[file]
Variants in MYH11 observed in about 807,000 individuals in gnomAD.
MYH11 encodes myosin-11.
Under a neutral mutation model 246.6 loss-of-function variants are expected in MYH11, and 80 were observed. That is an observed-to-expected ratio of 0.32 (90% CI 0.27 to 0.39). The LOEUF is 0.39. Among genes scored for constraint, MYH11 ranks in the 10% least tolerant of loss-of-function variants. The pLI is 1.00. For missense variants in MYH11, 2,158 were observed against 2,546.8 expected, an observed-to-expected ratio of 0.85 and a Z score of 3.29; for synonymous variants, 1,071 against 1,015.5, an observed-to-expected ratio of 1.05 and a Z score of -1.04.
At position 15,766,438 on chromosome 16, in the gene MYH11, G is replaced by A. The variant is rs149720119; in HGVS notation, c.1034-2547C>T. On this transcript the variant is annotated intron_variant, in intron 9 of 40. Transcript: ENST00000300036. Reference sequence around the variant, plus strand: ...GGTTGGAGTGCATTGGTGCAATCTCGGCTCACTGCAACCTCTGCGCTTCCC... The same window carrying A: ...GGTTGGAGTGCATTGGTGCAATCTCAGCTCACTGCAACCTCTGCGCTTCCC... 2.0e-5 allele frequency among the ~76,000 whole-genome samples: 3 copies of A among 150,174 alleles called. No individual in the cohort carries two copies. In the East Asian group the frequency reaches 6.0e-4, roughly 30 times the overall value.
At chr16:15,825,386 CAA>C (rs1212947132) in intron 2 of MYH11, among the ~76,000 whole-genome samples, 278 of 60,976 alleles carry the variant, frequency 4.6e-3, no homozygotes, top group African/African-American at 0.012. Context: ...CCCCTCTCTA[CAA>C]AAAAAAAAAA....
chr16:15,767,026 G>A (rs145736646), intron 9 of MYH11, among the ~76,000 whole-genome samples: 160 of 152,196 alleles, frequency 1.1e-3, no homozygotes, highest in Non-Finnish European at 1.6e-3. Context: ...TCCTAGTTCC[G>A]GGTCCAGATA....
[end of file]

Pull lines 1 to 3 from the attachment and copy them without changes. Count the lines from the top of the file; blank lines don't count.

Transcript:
Variants in MYH11 observed in about 807,000 individuals in gnomAD.
MYH11 encodes myosin-11.
Under a neutral mutation model 246.6 loss-of-function variants are expected in MYH11, and 80 were observed. That is an observed-to-expected ratio of 0.32 (90% CI 0.27 to 0.39). The LOEUF is 0.39. Among genes scored for constraint, MYH11 ranks in the 10% least tolerant of loss-of-function variants. The pLI is 1.00. For missense variants in MYH11, 2,158 were observed against 2,546.8 expected, an observed-to-expected ratio of 0.85 and a Z score of 3.29; for synonymous variants, 1,071 against 1,015.5, an observed-to-expected ratio of 1.05 and a Z score of -1.04.